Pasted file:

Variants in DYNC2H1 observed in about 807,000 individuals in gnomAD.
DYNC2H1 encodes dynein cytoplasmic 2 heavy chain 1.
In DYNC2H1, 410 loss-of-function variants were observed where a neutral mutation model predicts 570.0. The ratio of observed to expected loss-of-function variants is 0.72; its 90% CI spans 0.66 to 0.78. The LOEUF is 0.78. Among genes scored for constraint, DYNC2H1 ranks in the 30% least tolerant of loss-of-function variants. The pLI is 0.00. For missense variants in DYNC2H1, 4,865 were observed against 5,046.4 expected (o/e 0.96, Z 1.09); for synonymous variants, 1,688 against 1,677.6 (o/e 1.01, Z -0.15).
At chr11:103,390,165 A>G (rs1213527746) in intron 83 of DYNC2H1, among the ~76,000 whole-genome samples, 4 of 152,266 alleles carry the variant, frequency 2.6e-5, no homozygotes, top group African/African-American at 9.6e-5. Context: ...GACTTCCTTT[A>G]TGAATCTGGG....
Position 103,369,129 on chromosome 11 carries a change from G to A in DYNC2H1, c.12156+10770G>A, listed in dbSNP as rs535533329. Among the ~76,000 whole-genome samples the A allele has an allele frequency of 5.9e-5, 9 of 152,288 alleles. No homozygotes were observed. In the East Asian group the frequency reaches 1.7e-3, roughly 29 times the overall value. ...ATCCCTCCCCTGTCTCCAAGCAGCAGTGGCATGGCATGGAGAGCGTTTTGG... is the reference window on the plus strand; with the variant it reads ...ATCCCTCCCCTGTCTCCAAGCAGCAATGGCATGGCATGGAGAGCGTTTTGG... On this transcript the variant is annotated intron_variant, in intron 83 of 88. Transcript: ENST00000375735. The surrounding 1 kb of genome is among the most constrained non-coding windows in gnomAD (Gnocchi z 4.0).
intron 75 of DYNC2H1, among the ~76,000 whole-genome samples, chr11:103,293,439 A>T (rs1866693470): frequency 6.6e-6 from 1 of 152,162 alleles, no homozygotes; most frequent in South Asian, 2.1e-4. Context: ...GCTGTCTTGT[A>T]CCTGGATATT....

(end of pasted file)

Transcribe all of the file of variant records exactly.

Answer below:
Variants in DYNC2H1 observed in about 807,000 individuals in gnomAD.
DYNC2H1 encodes dynein cytoplasmic 2 heavy chain 1.
In DYNC2H1, 410 loss-of-function variants were observed where a neutral mutation model predicts 570.0. The ratio of observed to expected loss-of-function variants is 0.72; its 90% CI spans 0.66 to 0.78. The LOEUF is 0.78. Among genes scored for constraint, DYNC2H1 ranks in the 30% least tolerant of loss-of-function variants. The pLI is 0.00. For missense variants in DYNC2H1, 4,865 were observed against 5,046.4 expected (o/e 0.96, Z 1.09); for synonymous variants, 1,688 against 1,677.6 (o/e 1.01, Z -0.15).
At chr11:103,390,165 A>G (rs1213527746) in intron 83 of DYNC2H1, among the ~76,000 whole-genome samples, 4 of 152,266 alleles carry the variant, frequency 2.6e-5, no homozygotes, top group African/African-American at 9.6e-5. Context: ...GACTTCCTTT[A>G]TGAATCTGGG....
Position 103,369,129 on chromosome 11 carries a change from G to A in DYNC2H1, c.12156+10770G>A, listed in dbSNP as rs535533329. Among the ~76,000 whole-genome samples the A allele has an allele frequency of 5.9e-5, 9 of 152,288 alleles. No homozygotes were observed. In the East Asian group the frequency reaches 1.7e-3, roughly 29 times the overall value. ...ATCCCTCCCCTGTCTCCAAGCAGCAGTGGCATGGCATGGAGAGCGTTTTGG... is the reference window on the plus strand; with the variant it reads ...ATCCCTCCCCTGTCTCCAAGCAGCAATGGCATGGCATGGAGAGCGTTTTGG... On this transcript the variant is annotated intron_variant, in intron 83 of 88. Transcript: ENST00000375735. The surrounding 1 kb of genome is among the most constrained non-coding windows in gnomAD (Gnocchi z 4.0).
intron 75 of DYNC2H1, among the ~76,000 whole-genome samples, chr11:103,293,439 A>T (rs1866693470): frequency 6.6e-6 from 1 of 152,162 alleles, no homozygotes; most frequent in South Asian, 2.1e-4. Context: ...GCTGTCTTGT[A>T]CCTGGATATT....